Weaver I LOVED this! I always recycle mine by using them as gift tags on presents the next year...either the picture or the sayings, if not marked on....for some reason we have A LOT of polar bears and penquins on cards....I dont care for those myself, but whatever floats your boat! I never thought of gathering info like this on cards...TOTALLY neat!

HelenMHunt said...

My mother was a huge hoarder and kept Christmas cards going way back. I couldn't bear to throw them away so they're all in my loft now.

45 and Aspiring said...

I've started doing what KYfarmife does--using as gift tags. I've also used them to decoupage onto ornaments or "advent gift bags" for my granddaughter. I keep a few of my special favorites (usually a cute fat santa).

But since I've read it from PoetinResidence, I can't stop thinking. . . how, oh how, can I donate my tree to an elephant??

willow said...

There are just a few Christmas things left on the dining room table that I need to wrap and put away and I'm pretty much done for another year, too.

I save a few of my favorite cards every year and store them with my decorations. But each year, the number of cards decreases, as well as the pretty, decor worthy ones.

The Weaver of Grass said...

Raph - I never thought of that - some of them are really beautiful - one this year of woodland in snow with a lot of glitter - it lit the room when the fire was lit.

The Weaver of Grass said...

Interesting - your visit to Derbyshire Hildred. The Blue John stone is very pretty. You were not so very far from where we live in the Yorkshire Dales rather than the Derbyshire Dales - similar landscape, different stone.

The Weaver of Grass said...

Hope you get your laptop sorted Heather.

The Weaver of Grass said...

Donating it to an elephant has really set the cat amongst the pigeons! What would the elephant do with it? Eat it, decorate it. use it to block the entrance to its hide? A bit of lateral thinking is called for here.

The Weaver of Grass said...

Thanks Kyfarmlife - I do use some as gift tags - the trouble is I make them and put them in a box for next year and then forget where I have put them! They usually surface about the following February.

The Weaver of Grass said...

Oh dear Helen - it seems that you have inherited the tendence to keep things!

The Weaver of Grass said...

45 and aspiring - thanks for visiting. Yes - I wonder about that donating to an elephant too!

The Weaver of Grass said...

I agree willow. I have several friends left from my musical days and usually get some really lovely ones from them - usually angels playing golden trumpets - I find those hard to part with.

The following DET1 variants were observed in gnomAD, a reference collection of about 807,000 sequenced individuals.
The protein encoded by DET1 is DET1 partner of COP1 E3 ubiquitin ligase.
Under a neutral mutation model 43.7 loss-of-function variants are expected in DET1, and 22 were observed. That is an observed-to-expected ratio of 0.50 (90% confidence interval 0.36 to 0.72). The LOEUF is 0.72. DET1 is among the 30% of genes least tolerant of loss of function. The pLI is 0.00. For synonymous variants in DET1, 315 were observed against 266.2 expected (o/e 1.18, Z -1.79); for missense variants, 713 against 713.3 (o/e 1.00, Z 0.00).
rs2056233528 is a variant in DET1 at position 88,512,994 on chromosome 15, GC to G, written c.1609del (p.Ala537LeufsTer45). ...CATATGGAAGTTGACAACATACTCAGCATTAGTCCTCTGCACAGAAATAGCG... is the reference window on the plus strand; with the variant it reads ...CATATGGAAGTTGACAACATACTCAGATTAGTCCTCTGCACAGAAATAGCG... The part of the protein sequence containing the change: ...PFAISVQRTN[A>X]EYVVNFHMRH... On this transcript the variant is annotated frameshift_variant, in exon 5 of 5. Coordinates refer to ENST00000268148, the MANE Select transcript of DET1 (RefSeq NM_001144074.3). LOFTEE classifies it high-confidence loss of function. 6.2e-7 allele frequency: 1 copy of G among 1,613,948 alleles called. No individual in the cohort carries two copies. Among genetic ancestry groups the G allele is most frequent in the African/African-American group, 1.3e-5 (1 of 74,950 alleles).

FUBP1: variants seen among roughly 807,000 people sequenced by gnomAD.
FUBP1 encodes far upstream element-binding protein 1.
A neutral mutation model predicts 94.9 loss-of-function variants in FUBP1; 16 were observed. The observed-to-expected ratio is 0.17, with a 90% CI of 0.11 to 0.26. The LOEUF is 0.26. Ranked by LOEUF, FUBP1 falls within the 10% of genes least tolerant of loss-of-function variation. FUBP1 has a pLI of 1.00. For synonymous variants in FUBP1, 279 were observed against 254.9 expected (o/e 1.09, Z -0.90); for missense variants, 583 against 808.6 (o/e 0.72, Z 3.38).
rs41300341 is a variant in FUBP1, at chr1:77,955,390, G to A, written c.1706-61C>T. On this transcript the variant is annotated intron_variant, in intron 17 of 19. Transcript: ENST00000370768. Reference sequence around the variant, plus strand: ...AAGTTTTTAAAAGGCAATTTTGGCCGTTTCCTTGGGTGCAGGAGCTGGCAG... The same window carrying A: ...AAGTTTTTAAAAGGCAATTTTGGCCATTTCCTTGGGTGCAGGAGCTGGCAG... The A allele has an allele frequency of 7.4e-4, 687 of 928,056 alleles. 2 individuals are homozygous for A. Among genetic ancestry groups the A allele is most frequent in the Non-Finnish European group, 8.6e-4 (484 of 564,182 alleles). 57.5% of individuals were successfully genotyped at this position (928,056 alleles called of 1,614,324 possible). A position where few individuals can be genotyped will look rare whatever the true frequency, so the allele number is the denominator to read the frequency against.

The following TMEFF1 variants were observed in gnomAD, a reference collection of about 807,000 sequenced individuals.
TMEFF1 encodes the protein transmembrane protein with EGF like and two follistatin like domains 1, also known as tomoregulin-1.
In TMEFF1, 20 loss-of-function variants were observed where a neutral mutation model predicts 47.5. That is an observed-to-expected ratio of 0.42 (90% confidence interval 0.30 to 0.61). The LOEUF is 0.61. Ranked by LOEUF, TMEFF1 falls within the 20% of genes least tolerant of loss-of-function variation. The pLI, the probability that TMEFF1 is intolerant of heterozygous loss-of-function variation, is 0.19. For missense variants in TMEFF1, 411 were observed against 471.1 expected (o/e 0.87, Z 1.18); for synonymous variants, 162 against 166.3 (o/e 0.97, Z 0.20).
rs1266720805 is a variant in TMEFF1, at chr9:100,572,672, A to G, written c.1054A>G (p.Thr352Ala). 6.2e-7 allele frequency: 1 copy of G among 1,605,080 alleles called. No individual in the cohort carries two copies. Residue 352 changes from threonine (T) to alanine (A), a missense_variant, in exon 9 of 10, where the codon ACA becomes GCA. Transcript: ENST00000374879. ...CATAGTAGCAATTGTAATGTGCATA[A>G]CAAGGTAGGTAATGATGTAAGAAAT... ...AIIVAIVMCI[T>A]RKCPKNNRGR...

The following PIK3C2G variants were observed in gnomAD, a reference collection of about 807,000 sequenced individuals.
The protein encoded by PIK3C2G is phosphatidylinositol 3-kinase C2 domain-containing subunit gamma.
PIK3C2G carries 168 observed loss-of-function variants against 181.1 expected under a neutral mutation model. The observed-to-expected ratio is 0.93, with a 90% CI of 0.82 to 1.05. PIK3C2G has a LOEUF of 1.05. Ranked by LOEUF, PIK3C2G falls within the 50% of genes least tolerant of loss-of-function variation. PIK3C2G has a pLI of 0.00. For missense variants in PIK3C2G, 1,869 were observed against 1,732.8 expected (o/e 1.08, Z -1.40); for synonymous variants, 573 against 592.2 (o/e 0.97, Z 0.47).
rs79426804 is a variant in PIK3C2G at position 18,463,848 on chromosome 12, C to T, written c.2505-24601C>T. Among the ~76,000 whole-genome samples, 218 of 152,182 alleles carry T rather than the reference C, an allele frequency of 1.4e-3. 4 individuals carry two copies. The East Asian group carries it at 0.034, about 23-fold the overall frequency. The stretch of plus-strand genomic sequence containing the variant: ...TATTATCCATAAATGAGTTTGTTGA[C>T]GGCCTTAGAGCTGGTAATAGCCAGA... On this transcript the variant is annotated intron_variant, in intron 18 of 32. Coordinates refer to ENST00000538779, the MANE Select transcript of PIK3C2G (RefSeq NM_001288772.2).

elizabethm said...

Yes all our Christmas things are gone and I quite like it - like having the house back somehow. I haven't brought myself to put the cards in the recycling yet but I will.
Will not be giving my tree to an elephant this year as it is a tiny home grown one which has gone back outside. Perhaps I can find something else the elephant would like.

Poet in Residence said...

45, aspiring and weaver,
if you give your Christmas tree to an elephant he will most likely eat it. The elephant knows the difference, so don't give him your artifical one unless you want a bashing over your head with it. Other zoo animals may like to eat old xmas trees, but so far I've only seen the elephants doing so.

Derrick said...

Hello Weaver,

Although I've dropped by a few times (having seen your comments elsewhere) I have not commented before even though I have enjoyed my visits. Apologies for lurking!

Your card stats are fun and made me think what our own might be like - they are in the bag ready for disposal! But I must admit that we did send all our overseas friends, and some UK ones, an electronic card this year.

One 'wag' did thank us but mentioned he had found it difficult to put the laptop on the mantlepiece! However, he did acknowledge that the card was delightful, as did many of the other recipients.

Naturally, as someone who sells cards, I hope they don't go out of fashion entirely! But the electronic versions can be magical.

If you're still with me, may I also say how right you and your little terrier are about dog breeding. It's high time the health defects and neuroses were reversed.

May I come back, please?

The Weaver of Grass said...

Poet in Residence: You have an amazing sense of humour - you keep me laughing on this grey day!! There is a great programme on elephants starting this evening on our television - perhaps I shall learn more about trees and elephants after watching that.

BumbleVee said...

I still love Christmas cards and hope they don't just go the way of the dodo... but, many seem to favour the emailed cards.. like Derrick's friend said..how the heck can we put that on a mantle?

I save the pretty ones, cut out the bits I want to use for gift tags... use some (the fronts) for tree decorations) embellish other card fronts or parts of them and make hanging decorations from them to send to people with their gifts, make little gift boxes from others... or just use some for inspiration for other artsy things....... and/or...just save them for other years if they are exceptional... and display them for a few years.... some are just too beautiful to toss.....

Dragonstar said...

I love that photo! Our cards illustrate a similar selection of styles, and I haven't recycled them yet.

Mistlethrush said...

Thanks for the trip down memory lane.

You've done well to get 14 nativity cards - it's so difficult to find them nowadays. I think that's sad - after all Christmas is a religious festival.